Antibody and T cell receptor production relies on a gene assembly process called V(D)J recombination, which occurs at six specific locations in the genome. Children born with a defect at any step of this gene rearrangement process have severe combined immune deficiency (SCID). In previous cycles of this grant, we have determined that hairpin opening is due to Artemis:DNA-PKcs;determined that phosphorylation is the basis for Artemis activation by DNA-PKcs;developed a widely-used human V(D)J recombination assays system;identified the first human mutations in the RAG1 and RAG2 genes, which accounts for 15% of human SCID;identified coding end effects on the efficiency and diversity of coding joint formation;determined the basis for the bias toward deletion rather than inversion in D to J joining;identified the ligase complex (XRCC4:DNA ligase IV) for the final step of V(D)J recombination using both biochemistry and genetics;created a human cell line knockout of this ligase;provided the first genetic evidence for pol X polymerases in rejoining;and developed an in vitro reconstitution of NHEJ that includes TdT, pol mu and pol lambda. Here we propose a series of studies to extend this mechanistic understanding of V(D)J recombination and determine how it contributes to human SCID.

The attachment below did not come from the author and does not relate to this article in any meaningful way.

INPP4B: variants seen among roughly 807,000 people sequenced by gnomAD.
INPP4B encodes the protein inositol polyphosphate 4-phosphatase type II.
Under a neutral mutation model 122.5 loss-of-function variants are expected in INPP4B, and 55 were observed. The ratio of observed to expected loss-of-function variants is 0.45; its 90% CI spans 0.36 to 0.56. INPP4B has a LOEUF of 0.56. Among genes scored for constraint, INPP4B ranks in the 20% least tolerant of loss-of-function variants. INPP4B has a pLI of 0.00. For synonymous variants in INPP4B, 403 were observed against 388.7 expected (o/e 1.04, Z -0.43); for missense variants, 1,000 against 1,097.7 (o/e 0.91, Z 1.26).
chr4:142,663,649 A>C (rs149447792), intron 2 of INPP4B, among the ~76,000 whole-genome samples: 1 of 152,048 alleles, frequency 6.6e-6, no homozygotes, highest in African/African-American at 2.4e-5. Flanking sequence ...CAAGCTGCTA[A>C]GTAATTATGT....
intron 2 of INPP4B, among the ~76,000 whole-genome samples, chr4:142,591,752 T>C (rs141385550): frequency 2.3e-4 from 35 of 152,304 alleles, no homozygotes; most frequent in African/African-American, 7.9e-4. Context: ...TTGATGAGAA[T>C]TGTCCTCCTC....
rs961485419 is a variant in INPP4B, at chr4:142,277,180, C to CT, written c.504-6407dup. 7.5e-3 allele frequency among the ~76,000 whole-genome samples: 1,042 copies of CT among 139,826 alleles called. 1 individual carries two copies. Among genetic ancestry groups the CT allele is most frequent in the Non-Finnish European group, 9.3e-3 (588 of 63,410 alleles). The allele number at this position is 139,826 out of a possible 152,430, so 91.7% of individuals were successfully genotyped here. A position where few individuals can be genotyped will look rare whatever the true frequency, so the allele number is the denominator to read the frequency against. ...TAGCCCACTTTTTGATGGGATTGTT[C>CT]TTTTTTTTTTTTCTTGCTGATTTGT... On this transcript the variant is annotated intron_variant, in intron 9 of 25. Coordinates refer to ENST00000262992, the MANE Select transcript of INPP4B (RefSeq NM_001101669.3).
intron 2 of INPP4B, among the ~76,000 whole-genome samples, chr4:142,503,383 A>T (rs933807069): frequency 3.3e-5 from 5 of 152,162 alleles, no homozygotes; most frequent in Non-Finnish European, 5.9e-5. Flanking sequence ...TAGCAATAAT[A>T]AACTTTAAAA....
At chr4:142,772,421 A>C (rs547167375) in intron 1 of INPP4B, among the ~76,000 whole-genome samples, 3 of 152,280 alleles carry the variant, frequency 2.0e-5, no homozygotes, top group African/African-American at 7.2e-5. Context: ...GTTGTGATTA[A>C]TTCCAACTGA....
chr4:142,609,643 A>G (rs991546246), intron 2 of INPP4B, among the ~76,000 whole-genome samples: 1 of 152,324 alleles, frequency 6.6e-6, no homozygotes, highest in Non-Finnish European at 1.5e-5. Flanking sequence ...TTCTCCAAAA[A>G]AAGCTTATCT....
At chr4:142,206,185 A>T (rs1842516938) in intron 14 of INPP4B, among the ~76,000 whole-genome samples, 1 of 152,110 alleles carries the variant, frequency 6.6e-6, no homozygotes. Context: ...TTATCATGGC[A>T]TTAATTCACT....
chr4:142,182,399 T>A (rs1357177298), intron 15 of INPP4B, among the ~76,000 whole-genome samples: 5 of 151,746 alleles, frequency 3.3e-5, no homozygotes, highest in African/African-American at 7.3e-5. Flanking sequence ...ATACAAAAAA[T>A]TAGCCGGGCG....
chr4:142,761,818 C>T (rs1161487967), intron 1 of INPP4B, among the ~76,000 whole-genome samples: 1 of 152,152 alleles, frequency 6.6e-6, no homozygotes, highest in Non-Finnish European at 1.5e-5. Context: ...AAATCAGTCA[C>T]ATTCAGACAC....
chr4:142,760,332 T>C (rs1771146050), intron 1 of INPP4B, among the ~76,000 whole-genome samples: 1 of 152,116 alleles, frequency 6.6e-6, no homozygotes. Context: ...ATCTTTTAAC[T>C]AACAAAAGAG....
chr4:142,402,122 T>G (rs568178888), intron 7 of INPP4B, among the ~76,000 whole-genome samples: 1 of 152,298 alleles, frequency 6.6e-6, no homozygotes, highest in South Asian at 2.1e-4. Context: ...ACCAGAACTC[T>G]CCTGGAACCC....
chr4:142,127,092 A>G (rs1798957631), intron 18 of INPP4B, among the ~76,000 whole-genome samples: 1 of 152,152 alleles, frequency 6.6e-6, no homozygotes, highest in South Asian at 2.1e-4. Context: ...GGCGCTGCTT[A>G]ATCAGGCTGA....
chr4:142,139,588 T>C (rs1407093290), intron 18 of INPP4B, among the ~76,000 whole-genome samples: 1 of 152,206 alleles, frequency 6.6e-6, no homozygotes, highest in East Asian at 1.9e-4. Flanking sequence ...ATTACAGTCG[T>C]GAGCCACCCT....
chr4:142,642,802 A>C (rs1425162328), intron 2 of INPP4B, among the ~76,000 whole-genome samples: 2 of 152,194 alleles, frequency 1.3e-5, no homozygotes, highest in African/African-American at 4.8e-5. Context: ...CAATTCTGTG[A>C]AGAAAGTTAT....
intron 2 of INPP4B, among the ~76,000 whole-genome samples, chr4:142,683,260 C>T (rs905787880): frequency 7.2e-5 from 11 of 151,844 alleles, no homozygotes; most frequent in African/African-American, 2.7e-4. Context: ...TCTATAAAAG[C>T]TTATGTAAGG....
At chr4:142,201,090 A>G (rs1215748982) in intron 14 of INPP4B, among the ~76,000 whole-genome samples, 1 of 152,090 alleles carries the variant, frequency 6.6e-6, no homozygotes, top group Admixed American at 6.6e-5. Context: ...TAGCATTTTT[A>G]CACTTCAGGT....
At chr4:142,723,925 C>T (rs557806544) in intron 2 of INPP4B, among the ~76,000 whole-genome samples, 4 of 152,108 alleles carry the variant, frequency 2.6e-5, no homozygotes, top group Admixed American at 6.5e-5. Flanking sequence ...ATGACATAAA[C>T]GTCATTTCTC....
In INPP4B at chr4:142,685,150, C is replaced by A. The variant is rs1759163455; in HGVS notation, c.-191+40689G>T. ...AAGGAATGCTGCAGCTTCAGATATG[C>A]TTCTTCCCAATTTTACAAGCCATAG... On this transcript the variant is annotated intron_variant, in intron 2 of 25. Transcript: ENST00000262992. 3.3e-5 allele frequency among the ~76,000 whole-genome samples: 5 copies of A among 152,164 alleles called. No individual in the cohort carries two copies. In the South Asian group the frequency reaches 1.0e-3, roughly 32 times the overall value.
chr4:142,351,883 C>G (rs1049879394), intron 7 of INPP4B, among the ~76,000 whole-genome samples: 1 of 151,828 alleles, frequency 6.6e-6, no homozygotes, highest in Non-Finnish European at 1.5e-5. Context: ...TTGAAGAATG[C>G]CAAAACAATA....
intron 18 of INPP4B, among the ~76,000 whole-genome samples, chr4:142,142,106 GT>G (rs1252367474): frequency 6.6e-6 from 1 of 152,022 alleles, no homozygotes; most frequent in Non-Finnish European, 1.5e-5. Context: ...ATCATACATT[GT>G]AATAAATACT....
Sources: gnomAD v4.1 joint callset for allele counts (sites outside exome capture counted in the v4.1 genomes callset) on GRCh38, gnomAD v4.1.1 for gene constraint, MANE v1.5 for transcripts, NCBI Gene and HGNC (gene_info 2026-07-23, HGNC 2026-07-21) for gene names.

Aim 1 A is focused on determining the contribution of the hairpin formation to the human immune repertoire.
Aims 1 B-E focus on the transition from the RAG complex to the NHEJ phase of V(D)J recombination.
Aim 2 is directed at determining if RAG-generated DMA ends can activate the Artemis:DNA-PKcs complex and the phosphorylation of sites on Artemis.
Aim 3 is focused on the physical and functional interaction between the Ku:DNA complex and polymerases mu and lambda.
Aim 4 is directed at unifying the hairpin formation and hairpin opening steps with an NHEJ rejoining system to yield an in vitro reconstitution of V(D)J recombination using fully purified proteins.
Aim 5 is focused on understanding the interplay between Artemis and DNA-PKcs using transgenic and knock-in mice. These studies will help us understand the role of DNA-PKcs in Artemis activation.
Aim 6 is focused on understanding the biochemical basis for the Artemis mutations in human SCID patients. In the long-term, all of these studies will help establish optimal therapy for many human SCID patients and to understand the human immune repertoire.

National Institute of Health (NIH)
National Institute of General Medical Sciences (NIGMS)
Research Project (R01)
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Cellular and Molecular Immunology - B Study Section (CMIB)
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Janes, Daniel E
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University of Southern California
Schools of Medicine
Los Angeles
United States
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